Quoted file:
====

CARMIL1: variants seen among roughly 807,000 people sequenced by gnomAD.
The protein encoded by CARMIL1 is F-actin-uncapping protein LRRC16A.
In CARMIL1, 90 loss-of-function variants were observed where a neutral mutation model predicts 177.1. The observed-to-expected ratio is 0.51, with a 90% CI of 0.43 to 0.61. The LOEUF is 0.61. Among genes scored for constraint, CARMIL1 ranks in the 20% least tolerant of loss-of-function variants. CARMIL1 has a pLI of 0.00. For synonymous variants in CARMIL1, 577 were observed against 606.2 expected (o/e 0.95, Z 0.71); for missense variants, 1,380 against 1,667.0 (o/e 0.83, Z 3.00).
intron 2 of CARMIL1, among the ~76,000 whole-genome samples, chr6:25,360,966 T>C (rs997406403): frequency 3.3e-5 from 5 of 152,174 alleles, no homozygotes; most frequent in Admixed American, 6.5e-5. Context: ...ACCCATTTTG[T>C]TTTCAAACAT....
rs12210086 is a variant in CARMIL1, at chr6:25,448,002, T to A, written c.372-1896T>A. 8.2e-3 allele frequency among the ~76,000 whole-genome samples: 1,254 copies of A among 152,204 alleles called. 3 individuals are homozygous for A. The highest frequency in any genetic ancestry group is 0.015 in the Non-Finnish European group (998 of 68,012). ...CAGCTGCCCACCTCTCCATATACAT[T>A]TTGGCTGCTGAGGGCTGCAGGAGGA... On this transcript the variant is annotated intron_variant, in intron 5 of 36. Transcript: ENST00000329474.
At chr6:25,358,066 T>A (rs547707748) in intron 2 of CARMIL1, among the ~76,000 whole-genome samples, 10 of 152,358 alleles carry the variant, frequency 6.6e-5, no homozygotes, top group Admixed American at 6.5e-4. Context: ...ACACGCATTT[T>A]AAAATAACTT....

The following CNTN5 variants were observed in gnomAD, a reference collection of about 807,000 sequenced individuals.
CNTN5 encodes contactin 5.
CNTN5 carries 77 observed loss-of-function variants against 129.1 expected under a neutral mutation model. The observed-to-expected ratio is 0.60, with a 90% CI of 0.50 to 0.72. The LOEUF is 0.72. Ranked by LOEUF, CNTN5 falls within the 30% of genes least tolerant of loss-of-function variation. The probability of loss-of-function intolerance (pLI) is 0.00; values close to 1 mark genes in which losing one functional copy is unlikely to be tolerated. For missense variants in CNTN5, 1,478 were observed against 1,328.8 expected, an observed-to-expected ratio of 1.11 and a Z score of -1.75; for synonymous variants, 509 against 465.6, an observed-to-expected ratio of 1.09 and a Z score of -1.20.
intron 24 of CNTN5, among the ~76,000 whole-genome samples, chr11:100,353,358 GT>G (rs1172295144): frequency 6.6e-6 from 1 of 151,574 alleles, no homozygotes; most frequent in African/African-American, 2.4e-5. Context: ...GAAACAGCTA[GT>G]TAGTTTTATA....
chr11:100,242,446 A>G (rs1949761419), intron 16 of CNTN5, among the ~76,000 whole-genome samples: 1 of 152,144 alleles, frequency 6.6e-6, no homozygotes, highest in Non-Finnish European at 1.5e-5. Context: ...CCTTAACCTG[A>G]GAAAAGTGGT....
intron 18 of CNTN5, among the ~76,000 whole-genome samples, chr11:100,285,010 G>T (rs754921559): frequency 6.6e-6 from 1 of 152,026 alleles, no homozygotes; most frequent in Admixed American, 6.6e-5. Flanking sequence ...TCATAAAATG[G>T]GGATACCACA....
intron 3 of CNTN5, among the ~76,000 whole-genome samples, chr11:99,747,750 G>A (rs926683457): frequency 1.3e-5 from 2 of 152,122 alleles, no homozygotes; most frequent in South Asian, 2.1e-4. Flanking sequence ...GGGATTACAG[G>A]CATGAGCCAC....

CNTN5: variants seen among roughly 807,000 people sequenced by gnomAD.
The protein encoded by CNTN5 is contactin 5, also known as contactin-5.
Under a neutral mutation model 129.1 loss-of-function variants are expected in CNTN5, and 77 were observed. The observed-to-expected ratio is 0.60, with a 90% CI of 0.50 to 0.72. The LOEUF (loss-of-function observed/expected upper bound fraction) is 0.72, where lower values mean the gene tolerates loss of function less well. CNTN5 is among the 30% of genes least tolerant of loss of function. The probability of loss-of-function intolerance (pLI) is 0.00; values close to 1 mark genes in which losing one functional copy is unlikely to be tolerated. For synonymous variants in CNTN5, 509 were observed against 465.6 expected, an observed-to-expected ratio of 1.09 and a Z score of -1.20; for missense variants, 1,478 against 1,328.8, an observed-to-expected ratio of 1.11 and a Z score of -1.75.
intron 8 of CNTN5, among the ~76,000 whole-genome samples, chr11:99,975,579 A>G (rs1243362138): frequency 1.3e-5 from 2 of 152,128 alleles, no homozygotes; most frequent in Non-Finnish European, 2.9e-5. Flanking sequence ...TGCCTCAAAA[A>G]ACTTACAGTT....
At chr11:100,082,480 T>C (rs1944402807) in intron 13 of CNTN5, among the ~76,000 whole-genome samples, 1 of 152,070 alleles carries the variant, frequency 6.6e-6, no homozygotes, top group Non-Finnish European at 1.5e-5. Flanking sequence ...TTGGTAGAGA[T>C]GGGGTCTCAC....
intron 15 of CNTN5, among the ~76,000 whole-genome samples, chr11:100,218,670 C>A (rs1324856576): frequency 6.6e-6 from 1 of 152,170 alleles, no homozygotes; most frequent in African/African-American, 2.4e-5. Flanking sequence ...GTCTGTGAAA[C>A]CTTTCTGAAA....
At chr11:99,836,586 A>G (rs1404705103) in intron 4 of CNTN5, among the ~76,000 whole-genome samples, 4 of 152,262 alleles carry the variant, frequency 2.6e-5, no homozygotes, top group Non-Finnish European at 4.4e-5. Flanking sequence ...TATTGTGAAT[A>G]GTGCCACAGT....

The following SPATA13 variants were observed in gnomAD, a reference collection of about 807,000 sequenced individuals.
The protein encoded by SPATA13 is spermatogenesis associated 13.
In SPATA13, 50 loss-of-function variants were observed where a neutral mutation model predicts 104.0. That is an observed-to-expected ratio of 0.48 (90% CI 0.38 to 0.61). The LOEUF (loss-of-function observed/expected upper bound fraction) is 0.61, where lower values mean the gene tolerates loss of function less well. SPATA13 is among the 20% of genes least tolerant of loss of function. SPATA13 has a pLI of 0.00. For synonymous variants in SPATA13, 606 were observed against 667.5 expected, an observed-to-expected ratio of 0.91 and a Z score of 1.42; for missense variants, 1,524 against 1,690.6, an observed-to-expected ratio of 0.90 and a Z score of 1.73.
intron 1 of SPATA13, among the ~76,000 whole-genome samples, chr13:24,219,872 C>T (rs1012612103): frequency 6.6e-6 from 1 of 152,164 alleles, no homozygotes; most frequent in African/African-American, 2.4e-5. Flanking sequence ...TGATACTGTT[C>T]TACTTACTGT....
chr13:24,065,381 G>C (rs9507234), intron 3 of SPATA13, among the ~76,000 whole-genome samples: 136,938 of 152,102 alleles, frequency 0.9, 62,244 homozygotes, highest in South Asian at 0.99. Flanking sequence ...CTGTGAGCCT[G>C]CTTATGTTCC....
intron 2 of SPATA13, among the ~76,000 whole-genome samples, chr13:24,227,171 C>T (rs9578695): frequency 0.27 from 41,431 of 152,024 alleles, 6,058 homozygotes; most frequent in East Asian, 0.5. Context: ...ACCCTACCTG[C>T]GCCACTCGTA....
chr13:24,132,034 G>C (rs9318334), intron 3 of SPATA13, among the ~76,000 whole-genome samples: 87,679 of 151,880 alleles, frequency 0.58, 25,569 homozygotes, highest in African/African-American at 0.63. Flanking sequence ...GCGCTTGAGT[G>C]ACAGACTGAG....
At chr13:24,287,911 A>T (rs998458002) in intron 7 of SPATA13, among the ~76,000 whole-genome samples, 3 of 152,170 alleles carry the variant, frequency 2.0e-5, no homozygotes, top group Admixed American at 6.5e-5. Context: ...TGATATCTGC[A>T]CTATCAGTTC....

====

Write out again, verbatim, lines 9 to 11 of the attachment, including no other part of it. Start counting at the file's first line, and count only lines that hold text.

CNTN5 carries 77 observed loss-of-function variants against 129.1 expected under a neutral mutation model. The observed-to-expected ratio is 0.60, with a 90% CI of 0.50 to 0.72. The LOEUF is 0.72. Ranked by LOEUF, CNTN5 falls within the 30% of genes least tolerant of loss-of-function variation. The probability of loss-of-function intolerance (pLI) is 0.00; values close to 1 mark genes in which losing one functional copy is unlikely to be tolerated. For missense variants in CNTN5, 1,478 were observed against 1,328.8 expected, an observed-to-expected ratio of 1.11 and a Z score of -1.75; for synonymous variants, 509 against 465.6, an observed-to-expected ratio of 1.09 and a Z score of -1.20.
intron 24 of CNTN5, among the ~76,000 whole-genome samples, chr11:100,353,358 GT>G (rs1172295144): frequency 6.6e-6 from 1 of 151,574 alleles, no homozygotes; most frequent in African/African-American, 2.4e-5. Context: ...GAAACAGCTA[GT>G]TAGTTTTATA....
chr11:100,242,446 A>G (rs1949761419), intron 16 of CNTN5, among the ~76,000 whole-genome samples: 1 of 152,144 alleles, frequency 6.6e-6, no homozygotes, highest in Non-Finnish European at 1.5e-5. Context: ...CCTTAACCTG[A>G]GAAAAGTGGT....